When in the 1950s cinema in Germany started booming, CCC enjoyed its heyday with melodramas and comedies, adventure films and musicals. Atze Brauner became the “Economic Miracle Man” of German cinema. He decided to expand, in 1949 he had the site of a former poisonous gas factory in Berlin-Spandau converted into modern film studios. It was there that German stars like Romy Schneider, Heinz Rühmann, Sonja Ziemann or O.W. Fisher went in front of the cameras. In 1958, CCC produced 19 films and Brauner became Europe's most successful independent producer. The magazine Der Spiegel even devoted a cover story to him. The journalists seemed to be fascinated by the energetic movie mogul, who was always dressed in an elegant three-piece suit. “It often took Brauner only two minutes of thought and then make a decision on a 1.2-million-deutschmark film and his projects, star contracts and calculations were often scrawled on a paper napkin between an entrecôte steak and Poire Belle Helene in some hotel dining room.”
Commerce finances art
Now Brauner’s success enabled him to make use of material that was not so “popular”. For example, he was able to win over Jewish returned emigrant, Robert Siodmak, to direct the Gerhart Hauptmann film Die Ratten (The Rats / 1955). The drama about a pregnant young Polish woman in post-war Berlin with Maria Schell in the leading role was awarded a Golden Bear at the Berlin International Film Festival. Nevertheless Brauner was still viewed as a producer of easily digestible films for the masses.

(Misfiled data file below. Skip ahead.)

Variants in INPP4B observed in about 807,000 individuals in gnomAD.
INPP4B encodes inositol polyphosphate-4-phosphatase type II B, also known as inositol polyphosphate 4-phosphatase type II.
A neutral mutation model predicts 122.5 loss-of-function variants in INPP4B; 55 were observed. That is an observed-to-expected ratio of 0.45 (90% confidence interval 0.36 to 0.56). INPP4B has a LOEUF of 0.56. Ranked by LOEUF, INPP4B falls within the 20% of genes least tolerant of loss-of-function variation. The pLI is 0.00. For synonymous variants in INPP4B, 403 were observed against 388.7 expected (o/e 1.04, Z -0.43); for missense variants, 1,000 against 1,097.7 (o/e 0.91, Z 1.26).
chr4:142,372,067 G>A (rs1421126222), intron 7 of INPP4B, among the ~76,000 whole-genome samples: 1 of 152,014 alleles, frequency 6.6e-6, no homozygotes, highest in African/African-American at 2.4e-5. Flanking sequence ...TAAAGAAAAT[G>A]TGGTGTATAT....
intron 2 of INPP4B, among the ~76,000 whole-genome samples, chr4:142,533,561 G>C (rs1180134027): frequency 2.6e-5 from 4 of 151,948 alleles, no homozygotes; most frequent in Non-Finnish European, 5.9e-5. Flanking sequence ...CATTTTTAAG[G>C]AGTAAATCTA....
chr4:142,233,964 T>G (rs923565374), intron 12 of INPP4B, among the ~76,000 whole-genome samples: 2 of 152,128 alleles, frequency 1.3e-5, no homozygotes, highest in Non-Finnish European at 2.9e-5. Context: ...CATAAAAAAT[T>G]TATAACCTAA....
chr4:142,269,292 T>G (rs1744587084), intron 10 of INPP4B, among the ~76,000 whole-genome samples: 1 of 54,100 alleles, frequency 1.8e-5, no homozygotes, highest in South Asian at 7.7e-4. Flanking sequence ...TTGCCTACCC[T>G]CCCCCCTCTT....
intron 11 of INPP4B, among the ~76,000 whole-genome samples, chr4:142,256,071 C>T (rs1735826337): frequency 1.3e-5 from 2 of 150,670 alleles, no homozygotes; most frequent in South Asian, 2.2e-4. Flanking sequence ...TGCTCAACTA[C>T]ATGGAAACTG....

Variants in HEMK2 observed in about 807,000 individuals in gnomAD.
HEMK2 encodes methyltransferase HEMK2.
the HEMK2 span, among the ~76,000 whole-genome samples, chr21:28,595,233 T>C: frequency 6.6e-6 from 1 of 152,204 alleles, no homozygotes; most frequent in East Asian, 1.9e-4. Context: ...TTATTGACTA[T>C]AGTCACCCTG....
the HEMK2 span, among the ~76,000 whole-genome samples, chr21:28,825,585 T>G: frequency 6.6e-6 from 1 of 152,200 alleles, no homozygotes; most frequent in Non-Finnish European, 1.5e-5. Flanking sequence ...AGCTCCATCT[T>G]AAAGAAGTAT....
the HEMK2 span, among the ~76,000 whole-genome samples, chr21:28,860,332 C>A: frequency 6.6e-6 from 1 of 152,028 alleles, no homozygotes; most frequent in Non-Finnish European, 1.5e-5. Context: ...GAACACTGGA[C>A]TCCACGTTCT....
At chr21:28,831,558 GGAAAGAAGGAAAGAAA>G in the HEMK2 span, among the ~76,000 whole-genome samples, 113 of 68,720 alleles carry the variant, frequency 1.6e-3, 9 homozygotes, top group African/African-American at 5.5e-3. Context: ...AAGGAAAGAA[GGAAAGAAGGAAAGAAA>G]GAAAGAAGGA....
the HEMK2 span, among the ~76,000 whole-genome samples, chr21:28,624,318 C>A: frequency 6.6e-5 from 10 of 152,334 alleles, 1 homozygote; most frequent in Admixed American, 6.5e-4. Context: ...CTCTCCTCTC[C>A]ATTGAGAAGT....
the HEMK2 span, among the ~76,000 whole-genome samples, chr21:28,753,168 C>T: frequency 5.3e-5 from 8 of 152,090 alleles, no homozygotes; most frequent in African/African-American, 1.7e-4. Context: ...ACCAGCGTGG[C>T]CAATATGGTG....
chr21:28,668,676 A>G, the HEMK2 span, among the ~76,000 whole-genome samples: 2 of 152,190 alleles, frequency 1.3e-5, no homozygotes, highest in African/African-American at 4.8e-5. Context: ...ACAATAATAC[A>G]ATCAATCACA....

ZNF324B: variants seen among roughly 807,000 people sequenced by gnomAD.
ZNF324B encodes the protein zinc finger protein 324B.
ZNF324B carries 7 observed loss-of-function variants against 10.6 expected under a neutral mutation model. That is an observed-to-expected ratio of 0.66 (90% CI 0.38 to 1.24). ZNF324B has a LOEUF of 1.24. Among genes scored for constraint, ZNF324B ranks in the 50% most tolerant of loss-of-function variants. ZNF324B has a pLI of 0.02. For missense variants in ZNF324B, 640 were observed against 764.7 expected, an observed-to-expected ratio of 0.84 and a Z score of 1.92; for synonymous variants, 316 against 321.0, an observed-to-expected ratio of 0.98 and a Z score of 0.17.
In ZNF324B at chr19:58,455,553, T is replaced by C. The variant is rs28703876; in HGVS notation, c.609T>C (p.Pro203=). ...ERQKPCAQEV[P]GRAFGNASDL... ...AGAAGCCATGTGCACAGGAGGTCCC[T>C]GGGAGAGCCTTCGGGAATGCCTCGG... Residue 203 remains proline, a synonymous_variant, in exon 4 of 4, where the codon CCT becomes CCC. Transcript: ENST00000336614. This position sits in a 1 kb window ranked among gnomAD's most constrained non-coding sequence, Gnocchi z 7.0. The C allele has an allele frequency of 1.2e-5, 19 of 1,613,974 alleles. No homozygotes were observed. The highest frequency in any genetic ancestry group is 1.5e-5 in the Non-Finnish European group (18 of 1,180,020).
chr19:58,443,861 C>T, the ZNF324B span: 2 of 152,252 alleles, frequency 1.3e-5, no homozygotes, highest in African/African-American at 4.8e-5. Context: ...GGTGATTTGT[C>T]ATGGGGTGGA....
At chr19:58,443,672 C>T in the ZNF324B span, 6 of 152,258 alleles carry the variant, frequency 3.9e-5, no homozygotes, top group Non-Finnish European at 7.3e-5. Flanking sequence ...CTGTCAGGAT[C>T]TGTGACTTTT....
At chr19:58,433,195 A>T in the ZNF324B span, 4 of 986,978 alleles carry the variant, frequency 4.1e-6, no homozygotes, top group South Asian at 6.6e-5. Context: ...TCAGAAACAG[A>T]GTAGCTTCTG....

In the 1960s, when the popularity of cinema started to wane and the demands for a renewal of the German film scene grew loud, film critic, Joe Hembus, argued that Brauner was one of those producers who was not so much interested in the survival of the film industry, but only in how much money could be made. In the following years Brauner was, in fact, somewhat eclipsed by the emerging New German film. Instead of using innovative cinema, he encountered the crisis with antiquated epics, Karl May Westerns and Edgar Wallace crime thrillers and even jumped on the sex film bandwagon at some point. He also tried to keep the studios going with TV productions. In 1965, however, he had to make most of his staff redundant. From 1972 to 1980 CCC only produced about ten films.